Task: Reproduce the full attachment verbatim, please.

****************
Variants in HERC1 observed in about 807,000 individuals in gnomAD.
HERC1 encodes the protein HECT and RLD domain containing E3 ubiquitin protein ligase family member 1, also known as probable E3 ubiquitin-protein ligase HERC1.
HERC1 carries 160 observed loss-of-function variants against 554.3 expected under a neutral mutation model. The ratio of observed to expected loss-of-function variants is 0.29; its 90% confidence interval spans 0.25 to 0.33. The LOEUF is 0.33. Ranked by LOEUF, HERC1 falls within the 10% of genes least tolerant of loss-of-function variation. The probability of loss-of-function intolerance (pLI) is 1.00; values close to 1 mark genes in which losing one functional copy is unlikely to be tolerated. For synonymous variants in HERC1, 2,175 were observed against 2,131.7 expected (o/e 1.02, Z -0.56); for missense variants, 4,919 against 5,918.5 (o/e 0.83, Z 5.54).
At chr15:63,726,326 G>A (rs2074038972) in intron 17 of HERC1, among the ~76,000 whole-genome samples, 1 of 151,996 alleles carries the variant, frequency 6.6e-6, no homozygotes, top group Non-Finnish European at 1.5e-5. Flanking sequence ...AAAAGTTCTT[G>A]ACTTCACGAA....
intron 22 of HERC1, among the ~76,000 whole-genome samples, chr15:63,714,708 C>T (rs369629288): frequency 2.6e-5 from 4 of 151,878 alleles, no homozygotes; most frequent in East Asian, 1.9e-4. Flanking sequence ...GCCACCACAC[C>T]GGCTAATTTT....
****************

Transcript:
Variants in HERC1 observed in about 807,000 individuals in gnomAD.
HERC1 encodes the protein HECT and RLD domain containing E3 ubiquitin protein ligase family member 1, also known as probable E3 ubiquitin-protein ligase HERC1.
HERC1 carries 160 observed loss-of-function variants against 554.3 expected under a neutral mutation model. The ratio of observed to expected loss-of-function variants is 0.29; its 90% confidence interval spans 0.25 to 0.33. The LOEUF is 0.33. Ranked by LOEUF, HERC1 falls within the 10% of genes least tolerant of loss-of-function variation. The probability of loss-of-function intolerance (pLI) is 1.00; values close to 1 mark genes in which losing one functional copy is unlikely to be tolerated. For synonymous variants in HERC1, 2,175 were observed against 2,131.7 expected (o/e 1.02, Z -0.56); for missense variants, 4,919 against 5,918.5 (o/e 0.83, Z 5.54).
At chr15:63,726,326 G>A (rs2074038972) in intron 17 of HERC1, among the ~76,000 whole-genome samples, 1 of 151,996 alleles carries the variant, frequency 6.6e-6, no homozygotes, top group Non-Finnish European at 1.5e-5. Flanking sequence ...AAAAGTTCTT[G>A]ACTTCACGAA....
intron 22 of HERC1, among the ~76,000 whole-genome samples, chr15:63,714,708 C>T (rs369629288): frequency 2.6e-5 from 4 of 151,878 alleles, no homozygotes; most frequent in East Asian, 1.9e-4. Flanking sequence ...GCCACCACAC[C>T]GGCTAATTTT....